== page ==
The scattered people of God

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23rd UCA Qld Synod

Robina Surfers Paradise Uniting Church

Convocation of Laity, 15 October 2002, 9.00am - 11.00am

 

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 Worship as the Scattered People of God:  Translating our Worship into Work.

 

Introduction:

Good morning.  My name’s Jenny Brecknell.  I’m a member of the Bremer Brisbane Presbytery and worship at Chapel Hill UC.

 We’ve spent the morning so far talking about our worship as the gathered people of God; now we turn to think about how we worship as the dispersed or scattered people of God.

 What does our Sunday worship mean for our weekday activities?  

 

 

 

 We’re going to explore these questions this morning in the context of our work, but I want to be quite clear before we begin that we are defining work as “that weekday activity which occupies most of our time”.  It’s not necessarily paid work - for the young mother at home it will be caring for the family, for the retiree it may be volunteering.

 Work.  Whatever it is we do through the week that takes up most of our time.

 We’re going to hear now from four people about the challenges they face in connecting their Sunday and Monday lives, their worship and their “work”.

 Sharing: 

 

 (These are just a couple of samples I’ve written myself:)

 

1.             My name’s Mary Brown.  I’m from ABC Presbytery.  I worship in a large middle class  suburban church on Sunday, and during the week work as a social worker within the prison system.  My two worlds couldn’t be more different!  My church family is full of lovely people who are friendly, gracious, generous - the worship is wonderful, really uplifting - our minister always preaches an inspiring sermon - I feel I could conquer the world!  Then on Monday I’m thrown into an environment which is full of hostility, hatred and mistrust - the people I work with have such complex and deep-seated problems I sometimes despair that I will ever be able to help them - and I come home totally stressed out, wondering if I will ever find the way to share the love of God with them -  even beginning to doubt my own faith!

 

2.             I’m John Smith, from XYZ Uniting Church.  I work as head of a department within a large retail store.  I’ve just been asked to work a schedule which includes regular Sunday shifts.  I don’t want to work on Sundays.  I really value Sunday as a day of worship and a time when I enjoy fellowship with my friends at church.  If I say no to the Sunday shifts I may lose my job.  Yet retail is all I know, and  I’d probably encounter the same problems in any other retail job now Sunday trading’s been introduced.  I have a wife and three children.  My dilemma is:  How do I remain true to my Christian beliefs and at the same time fulfil my responsibilities to my family?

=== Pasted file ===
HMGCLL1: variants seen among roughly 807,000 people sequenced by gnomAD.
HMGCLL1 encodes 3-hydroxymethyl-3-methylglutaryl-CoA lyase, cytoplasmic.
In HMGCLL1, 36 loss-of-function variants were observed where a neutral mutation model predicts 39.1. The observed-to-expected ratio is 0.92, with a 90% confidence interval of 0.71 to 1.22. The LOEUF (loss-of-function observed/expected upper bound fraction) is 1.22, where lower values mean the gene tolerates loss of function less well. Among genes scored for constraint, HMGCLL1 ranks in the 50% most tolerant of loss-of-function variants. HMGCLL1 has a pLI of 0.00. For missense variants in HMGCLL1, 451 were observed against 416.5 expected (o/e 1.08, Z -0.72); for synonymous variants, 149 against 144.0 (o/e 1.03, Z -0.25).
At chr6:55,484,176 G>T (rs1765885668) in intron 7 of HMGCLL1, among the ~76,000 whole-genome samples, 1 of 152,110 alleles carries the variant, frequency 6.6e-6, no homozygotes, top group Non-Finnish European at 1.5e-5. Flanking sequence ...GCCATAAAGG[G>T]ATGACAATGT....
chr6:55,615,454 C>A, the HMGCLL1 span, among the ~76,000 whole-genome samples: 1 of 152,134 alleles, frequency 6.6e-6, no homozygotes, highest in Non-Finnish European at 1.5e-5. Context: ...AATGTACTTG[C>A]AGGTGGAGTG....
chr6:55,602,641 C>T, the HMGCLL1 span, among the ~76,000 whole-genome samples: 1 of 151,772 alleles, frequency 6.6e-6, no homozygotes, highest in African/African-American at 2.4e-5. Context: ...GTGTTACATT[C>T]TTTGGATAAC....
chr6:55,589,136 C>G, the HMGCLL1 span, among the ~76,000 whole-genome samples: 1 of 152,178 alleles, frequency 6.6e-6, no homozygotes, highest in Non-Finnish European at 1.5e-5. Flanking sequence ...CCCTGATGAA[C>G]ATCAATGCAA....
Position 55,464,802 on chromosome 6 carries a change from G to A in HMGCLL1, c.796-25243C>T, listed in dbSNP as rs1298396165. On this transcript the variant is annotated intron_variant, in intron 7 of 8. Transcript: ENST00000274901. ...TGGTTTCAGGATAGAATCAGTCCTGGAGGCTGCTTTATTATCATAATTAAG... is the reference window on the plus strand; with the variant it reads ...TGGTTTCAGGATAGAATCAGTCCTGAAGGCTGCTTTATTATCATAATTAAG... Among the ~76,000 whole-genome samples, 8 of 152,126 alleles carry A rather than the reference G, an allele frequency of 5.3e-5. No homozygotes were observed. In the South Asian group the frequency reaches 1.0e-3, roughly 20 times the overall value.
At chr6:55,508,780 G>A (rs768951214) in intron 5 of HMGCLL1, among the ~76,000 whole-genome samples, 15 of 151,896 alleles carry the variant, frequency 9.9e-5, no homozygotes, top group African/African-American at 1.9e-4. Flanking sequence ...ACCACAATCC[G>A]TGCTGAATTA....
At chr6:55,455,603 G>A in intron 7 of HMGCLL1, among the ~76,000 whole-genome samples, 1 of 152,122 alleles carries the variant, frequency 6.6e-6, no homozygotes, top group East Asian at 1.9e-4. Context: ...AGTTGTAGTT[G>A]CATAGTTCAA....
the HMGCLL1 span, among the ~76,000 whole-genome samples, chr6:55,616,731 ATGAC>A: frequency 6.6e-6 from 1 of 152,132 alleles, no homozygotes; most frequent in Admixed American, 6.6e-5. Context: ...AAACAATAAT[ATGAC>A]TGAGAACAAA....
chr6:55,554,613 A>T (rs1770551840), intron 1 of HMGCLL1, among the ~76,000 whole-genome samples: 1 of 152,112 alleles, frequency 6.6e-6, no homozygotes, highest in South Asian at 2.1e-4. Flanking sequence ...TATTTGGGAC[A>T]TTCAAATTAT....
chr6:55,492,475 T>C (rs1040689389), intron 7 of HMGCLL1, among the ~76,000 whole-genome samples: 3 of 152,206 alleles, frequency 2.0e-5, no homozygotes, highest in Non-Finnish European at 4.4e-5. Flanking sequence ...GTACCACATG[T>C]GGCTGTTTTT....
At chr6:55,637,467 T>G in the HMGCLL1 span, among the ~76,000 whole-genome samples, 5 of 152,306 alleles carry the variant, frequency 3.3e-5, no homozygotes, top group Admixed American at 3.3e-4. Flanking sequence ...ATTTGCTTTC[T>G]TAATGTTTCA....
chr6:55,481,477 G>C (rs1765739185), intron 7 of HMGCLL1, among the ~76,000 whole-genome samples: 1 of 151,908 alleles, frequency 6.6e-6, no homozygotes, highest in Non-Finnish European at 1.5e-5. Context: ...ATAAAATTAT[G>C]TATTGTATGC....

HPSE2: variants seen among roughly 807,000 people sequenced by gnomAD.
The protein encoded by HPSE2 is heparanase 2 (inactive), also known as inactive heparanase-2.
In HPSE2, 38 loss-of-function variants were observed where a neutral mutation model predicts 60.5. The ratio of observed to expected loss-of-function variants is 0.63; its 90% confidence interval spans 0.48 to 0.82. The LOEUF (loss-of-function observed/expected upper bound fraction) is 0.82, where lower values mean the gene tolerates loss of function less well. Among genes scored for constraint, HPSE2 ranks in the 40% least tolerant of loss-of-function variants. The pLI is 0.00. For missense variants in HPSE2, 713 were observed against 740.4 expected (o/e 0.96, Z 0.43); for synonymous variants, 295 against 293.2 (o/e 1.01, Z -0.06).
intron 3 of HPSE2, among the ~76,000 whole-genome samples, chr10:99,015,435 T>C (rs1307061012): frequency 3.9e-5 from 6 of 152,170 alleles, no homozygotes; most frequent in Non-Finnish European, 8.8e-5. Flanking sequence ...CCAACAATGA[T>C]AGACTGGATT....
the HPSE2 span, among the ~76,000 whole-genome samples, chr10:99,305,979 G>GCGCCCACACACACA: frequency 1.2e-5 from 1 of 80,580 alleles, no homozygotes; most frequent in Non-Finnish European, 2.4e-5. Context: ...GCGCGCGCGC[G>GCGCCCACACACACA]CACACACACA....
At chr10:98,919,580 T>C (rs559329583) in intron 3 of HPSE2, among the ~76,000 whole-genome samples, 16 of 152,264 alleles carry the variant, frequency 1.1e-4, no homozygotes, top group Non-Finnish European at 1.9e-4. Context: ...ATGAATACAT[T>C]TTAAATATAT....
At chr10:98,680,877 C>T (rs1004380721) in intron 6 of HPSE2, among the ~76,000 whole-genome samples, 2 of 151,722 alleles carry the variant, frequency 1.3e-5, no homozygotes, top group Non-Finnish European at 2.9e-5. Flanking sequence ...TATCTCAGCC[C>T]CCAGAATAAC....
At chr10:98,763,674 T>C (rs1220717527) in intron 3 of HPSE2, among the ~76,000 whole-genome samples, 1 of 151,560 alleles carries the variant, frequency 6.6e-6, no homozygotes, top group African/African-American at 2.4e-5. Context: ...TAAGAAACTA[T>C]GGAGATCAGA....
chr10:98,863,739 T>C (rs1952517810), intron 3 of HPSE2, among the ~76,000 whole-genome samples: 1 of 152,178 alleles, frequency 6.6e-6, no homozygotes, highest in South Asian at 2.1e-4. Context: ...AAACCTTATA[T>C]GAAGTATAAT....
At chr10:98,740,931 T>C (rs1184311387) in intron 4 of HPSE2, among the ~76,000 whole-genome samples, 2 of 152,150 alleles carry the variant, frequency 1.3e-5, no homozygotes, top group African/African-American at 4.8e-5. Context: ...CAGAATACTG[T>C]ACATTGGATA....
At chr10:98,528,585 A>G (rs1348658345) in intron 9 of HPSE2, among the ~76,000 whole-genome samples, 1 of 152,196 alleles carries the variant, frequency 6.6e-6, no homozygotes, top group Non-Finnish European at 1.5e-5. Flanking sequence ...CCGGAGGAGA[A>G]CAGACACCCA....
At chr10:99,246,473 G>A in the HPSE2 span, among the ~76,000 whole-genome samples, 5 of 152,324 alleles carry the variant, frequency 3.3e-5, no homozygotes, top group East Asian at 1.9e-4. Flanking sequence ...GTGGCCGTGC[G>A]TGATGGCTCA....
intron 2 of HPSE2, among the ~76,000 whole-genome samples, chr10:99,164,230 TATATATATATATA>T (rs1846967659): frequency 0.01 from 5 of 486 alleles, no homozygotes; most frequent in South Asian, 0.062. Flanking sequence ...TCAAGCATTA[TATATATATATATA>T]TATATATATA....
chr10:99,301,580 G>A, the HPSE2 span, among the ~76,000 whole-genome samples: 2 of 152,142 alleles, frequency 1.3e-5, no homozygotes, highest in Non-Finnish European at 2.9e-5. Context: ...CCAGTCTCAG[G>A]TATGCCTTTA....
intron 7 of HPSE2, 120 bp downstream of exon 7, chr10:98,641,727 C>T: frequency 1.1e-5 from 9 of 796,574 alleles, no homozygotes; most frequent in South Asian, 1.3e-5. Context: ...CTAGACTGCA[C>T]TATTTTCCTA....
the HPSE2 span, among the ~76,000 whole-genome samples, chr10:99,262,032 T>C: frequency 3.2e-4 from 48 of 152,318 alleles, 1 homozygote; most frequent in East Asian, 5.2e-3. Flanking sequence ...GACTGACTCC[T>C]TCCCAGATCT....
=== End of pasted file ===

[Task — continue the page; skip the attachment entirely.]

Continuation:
Bridge:

 The issues which have been raised by our four speakers highlight the need to integrate our Sunday and Monday lives, to find consistency between what we believe and what we do.  The Basis of Union talks in terms of worship, witness and service, or gospel, word and deed.  In broader terms, it’s about living an integrated and ethical life in relationship with others, connecting head to heart to hands, Loving God ... Loving the neighbour....

 

If we see our work as the worship of the dispersed or scattered community of faith, then maybe worship translates into work as an attitude that sees work as a gift from God - the privilege of co-creation - and believes our work can be a gift to others.

 

Diehl’s Five Ministries:

 William Diehl, in his book The Monday Connection, writes about five ministries in the workplace, five ways in which a Christian can live out faith through work.  He calls these the ministries of Presence, Ethics, Competency, Lifestyle and Change.

 Presence:

 The ministry of Presence is probably the ministry we most easily recognise as expressing a Christian witness in the workplace.

 It’s about being a friend ... listening attentively .... comforting ... counselling ... sharing our life’s journey ... witnessing to our faith ... acting as intermediary between God and those with whom we work, that is, bringing people’s concerns to God through intercessory prayer and God’s concerns to people through our words and deeds ... finally,  being willing ourselves to be the instruments of God’s answers to our prayers.